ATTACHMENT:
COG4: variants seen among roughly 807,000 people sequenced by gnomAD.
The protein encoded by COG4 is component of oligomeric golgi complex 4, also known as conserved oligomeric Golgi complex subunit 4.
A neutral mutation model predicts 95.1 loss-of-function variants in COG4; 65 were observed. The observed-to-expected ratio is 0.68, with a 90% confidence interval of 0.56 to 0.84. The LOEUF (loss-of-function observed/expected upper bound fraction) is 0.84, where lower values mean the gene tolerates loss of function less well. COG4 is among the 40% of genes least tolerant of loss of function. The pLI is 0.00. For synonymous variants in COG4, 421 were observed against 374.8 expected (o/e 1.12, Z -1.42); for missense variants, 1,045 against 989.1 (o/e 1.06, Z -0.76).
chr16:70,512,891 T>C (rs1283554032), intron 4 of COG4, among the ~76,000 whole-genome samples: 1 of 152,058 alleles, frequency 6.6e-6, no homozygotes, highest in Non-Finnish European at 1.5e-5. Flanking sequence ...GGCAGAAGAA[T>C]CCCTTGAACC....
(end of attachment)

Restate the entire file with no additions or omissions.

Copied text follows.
COG4: variants seen among roughly 807,000 people sequenced by gnomAD.
The protein encoded by COG4 is component of oligomeric golgi complex 4, also known as conserved oligomeric Golgi complex subunit 4.
A neutral mutation model predicts 95.1 loss-of-function variants in COG4; 65 were observed. The observed-to-expected ratio is 0.68, with a 90% confidence interval of 0.56 to 0.84. The LOEUF (loss-of-function observed/expected upper bound fraction) is 0.84, where lower values mean the gene tolerates loss of function less well. COG4 is among the 40% of genes least tolerant of loss of function. The pLI is 0.00. For synonymous variants in COG4, 421 were observed against 374.8 expected (o/e 1.12, Z -1.42); for missense variants, 1,045 against 989.1 (o/e 1.06, Z -0.76).
chr16:70,512,891 T>C (rs1283554032), intron 4 of COG4, among the ~76,000 whole-genome samples: 1 of 152,058 alleles, frequency 6.6e-6, no homozygotes, highest in Non-Finnish European at 1.5e-5. Flanking sequence ...GGCAGAAGAA[T>C]CCCTTGAACC....